The Supreme Court will soon rule on an abortion case in which Mississippi asked judges to overturn Roe vs. Wade. The closing argument suggests that five judges are leaning towards doing so, but a fierce lobbying campaign is trying to get them to change their minds.
The campaign is perhaps the most apocalyptic in its warnings since the ObamaCare affair in 2012. Democrats are demanding that Judge Clarence Thomas resign over his wife’s political activism. The New Yorker published a long article portraying Judge Amy Coney Barrett as almost a religious cultist.
Court rulings on his emergency or “ghost” case are suddenly described as an outrage, though Liberals often make the emergency calls. The press carries out a sustained campaign on the theme that “the Supreme Court is broken”.
The campaign is particularly fervent on the case of Mississippi, Dobbs v. Jackson Women’s Health Organization. Predictions are widespread that the days of clandestine abortions will return if deer is overthrown. Atlantic magazine ran an article about a rudimentary makeshift abortion device from the avant-deer era that he believes would make a comeback.
“Abortion access is being dismantled,” says the Planned Parenthood Action Fund. The Guardian adds: “We are witnessing the last days of reproductive freedom.”
All this is intended to encourage judges not to overturn deer and Family planning c. Casey because the political backlash against the Court will be fierce. The particular targets are Judges Barrett and Brett Kavanaugh, the two new judges.
Judging by the oral argument of December 1 in Dobbsthe three liberal justices would ban the Mississippi law that bans abortion after 15 weeks as a violation of deer and Casey. Judges Thomas, Neil Gorsuch and Samuel Alito are likely voting to uphold the law and overturn the two precedents. Justices Kavanaugh and Barrett appeared in their questioning to side with the three conservatives.
But Chief Justice John Roberts tried during oral argument to find a middle way. He seemed to want to uphold the Mississippi law on the grounds that it does not violate Caseyto determine whether there is an “undue burden” on the ability to obtain an abortion. If he pulls another judge to his side, he could write the opinion of the controlling plurality in a 6-3 decision. If he can’t, then Judge Thomas would award the opinion and the vote could be 5-4. Our guess is that Judge Alito would get the assignment then.
Judges first declare their votes on a case in their private conference after a closing argument, but they can change their minds. That’s what the leader did in the ObamaCare case in 2012, much to the dismay of other conservatives. He may be trying to turn another judge now.
We hope he will not succeed, for the good of the Court and the country. The chief’s middle ground might be explainable with some legal dexterity, but that would prolong the agony of court abortion. Left-leaning critics would still castigate the court for allowing the Mississippi law to stand. And states would soon pass more laws with even tighter restrictions that would eventually force judges to overturn deer and Casey or say that the precedents rest on solid foundations.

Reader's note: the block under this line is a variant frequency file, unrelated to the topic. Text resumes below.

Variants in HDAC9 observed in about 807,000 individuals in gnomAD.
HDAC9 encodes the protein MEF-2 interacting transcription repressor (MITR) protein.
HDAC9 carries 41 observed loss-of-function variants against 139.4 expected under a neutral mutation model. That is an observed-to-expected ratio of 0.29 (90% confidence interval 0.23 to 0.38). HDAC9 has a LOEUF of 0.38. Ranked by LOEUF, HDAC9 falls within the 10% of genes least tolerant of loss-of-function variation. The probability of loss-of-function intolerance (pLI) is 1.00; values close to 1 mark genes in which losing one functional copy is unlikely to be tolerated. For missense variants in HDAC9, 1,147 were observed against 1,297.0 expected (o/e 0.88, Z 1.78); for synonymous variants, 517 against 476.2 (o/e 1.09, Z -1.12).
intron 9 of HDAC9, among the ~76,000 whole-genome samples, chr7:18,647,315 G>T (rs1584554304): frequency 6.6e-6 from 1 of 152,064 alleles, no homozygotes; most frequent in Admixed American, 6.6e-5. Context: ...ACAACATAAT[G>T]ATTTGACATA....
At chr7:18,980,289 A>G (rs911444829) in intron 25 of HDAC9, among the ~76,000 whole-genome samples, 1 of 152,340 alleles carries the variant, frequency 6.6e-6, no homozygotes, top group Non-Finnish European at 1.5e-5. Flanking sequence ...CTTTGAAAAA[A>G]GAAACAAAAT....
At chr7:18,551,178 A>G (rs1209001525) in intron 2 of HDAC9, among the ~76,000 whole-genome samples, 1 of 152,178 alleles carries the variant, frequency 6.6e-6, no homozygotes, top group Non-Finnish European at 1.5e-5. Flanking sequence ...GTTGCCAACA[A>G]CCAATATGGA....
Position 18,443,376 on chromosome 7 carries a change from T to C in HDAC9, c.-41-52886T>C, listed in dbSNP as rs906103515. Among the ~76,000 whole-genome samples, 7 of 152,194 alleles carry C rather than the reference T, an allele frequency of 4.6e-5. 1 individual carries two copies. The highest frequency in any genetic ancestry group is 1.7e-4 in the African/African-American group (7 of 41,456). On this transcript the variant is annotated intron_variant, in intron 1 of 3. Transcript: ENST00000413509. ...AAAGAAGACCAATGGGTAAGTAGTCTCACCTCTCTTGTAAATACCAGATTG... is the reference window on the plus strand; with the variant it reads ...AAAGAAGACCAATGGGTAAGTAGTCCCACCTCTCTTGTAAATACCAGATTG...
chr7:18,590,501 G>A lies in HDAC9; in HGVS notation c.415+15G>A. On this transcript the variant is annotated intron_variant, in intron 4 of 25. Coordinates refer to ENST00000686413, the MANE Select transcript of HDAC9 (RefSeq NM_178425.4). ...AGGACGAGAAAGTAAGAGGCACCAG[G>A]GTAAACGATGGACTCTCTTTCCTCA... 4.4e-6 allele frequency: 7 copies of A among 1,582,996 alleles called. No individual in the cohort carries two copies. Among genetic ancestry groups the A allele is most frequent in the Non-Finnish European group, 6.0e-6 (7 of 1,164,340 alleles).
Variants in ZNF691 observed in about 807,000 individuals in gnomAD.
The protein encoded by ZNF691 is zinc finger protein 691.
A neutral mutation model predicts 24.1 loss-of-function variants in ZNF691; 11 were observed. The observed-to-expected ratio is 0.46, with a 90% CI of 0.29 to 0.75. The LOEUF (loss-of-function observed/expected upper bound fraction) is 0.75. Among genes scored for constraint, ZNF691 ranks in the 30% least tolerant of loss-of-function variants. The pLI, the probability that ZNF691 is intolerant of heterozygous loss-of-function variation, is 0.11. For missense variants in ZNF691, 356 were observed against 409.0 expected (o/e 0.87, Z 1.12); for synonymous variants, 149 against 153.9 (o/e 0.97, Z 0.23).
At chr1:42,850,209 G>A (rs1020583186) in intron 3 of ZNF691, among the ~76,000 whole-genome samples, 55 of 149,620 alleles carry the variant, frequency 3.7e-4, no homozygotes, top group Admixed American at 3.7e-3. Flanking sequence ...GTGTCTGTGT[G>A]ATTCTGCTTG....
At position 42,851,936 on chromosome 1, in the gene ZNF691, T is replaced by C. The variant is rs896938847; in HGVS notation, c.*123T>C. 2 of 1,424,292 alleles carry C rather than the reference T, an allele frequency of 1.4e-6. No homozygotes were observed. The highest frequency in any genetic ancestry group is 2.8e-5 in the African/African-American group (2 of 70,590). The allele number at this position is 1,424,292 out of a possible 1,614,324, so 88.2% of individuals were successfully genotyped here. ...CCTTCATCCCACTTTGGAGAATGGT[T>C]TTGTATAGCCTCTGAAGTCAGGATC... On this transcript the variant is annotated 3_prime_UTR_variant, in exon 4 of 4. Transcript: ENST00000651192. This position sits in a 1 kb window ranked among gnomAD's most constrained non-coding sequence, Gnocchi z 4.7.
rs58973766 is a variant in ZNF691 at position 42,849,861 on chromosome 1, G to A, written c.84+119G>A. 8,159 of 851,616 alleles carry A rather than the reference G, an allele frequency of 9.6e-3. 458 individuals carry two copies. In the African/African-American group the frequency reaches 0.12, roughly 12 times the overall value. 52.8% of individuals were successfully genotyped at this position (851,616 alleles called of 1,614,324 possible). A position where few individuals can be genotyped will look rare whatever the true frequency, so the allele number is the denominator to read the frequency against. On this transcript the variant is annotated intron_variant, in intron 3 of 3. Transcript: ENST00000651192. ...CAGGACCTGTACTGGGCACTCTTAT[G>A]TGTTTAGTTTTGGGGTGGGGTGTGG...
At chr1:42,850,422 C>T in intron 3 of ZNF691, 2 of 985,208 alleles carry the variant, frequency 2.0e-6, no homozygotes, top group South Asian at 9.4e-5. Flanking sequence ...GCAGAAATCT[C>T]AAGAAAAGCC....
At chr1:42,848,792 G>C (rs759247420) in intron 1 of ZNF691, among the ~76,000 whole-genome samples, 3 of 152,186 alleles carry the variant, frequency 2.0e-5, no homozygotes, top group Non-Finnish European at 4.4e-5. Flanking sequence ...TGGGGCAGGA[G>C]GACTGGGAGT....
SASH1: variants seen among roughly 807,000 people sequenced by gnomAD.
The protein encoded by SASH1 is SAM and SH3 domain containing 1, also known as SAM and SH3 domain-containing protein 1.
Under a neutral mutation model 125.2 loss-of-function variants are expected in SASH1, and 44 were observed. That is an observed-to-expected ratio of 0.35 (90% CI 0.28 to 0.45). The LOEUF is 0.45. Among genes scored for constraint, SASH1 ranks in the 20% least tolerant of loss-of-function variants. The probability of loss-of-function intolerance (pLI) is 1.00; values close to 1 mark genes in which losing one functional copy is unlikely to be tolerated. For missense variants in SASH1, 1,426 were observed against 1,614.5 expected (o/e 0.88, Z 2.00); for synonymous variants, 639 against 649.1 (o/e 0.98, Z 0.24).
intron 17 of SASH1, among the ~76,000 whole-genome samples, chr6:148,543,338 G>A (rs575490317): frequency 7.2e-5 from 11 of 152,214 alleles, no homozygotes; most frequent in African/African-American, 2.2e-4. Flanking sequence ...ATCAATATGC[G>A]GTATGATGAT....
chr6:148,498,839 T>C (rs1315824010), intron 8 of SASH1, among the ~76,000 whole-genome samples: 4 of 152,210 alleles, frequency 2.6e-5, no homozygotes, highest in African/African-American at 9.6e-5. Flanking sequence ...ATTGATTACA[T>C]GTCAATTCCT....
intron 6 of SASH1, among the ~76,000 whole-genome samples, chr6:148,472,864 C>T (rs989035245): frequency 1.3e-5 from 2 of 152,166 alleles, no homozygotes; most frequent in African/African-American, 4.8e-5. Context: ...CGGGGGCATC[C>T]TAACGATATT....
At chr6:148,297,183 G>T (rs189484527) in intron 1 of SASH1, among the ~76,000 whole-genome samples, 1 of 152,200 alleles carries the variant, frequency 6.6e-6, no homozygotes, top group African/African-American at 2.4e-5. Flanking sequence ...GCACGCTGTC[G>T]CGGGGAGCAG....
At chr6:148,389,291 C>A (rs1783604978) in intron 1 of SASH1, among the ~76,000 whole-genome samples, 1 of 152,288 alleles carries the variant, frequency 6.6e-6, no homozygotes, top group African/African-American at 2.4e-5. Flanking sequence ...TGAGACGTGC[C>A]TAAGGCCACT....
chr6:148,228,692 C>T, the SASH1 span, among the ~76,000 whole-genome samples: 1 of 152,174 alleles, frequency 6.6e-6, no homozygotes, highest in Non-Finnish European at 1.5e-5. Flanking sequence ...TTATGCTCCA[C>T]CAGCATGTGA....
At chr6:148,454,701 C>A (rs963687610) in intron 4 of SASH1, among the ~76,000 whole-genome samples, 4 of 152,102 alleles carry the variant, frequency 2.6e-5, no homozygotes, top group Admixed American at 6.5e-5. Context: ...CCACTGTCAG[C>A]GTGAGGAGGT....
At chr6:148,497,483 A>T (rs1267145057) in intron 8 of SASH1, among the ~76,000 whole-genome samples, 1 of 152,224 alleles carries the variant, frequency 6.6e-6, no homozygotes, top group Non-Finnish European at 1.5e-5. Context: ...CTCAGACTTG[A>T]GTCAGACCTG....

Far better for the Court to leave the thicket of abortion regulation and send the matter back to the states. A political uproar would ensue, but voters would then decide abortion policy through elections, starting in November.
The possibility of obtaining an abortion would not disappear in the United States. It could happen in some states, but in some of those states there are already relatively few clinics that perform abortions. The most likely outcome is a multiplicity of laws depending on how the debate and elections unfold. California could allow abortion up to the moment of birth. Mississippi could ban it except in cases of rape or incest.
The Guttmacher Institute, which advocates abortion rights, estimates that 26 states “are certain or likely to ban abortion without deer.” But that means 24 states would allow it, including some of the most populous. Based on a 2017 Guttmacher analysis of abortions performed in various states, the majority of those abortions would remain legal.
Meanwhile, a movement is already underway to pay women in restrictive states to travel and have abortions elsewhere. Planned Parenthood would have the greatest fundraising years in its history. Opponents of abortion may even be disappointed by the outcome of the political debate. They should plead, and win, the moral cause against abortion among their fellow citizens.
This is how the American system is supposed to work, as the late Justice Antonin Scalia often wrote. After a series of elections, the law on abortion will be settled democratically. This had started to happen before the Supreme Court intervened in deerpoisoning the abortion debate and prejudicing the Court.
In Dobbs the Court can say that such a profound moral question should be decided by the people, not by nine unelected judges.
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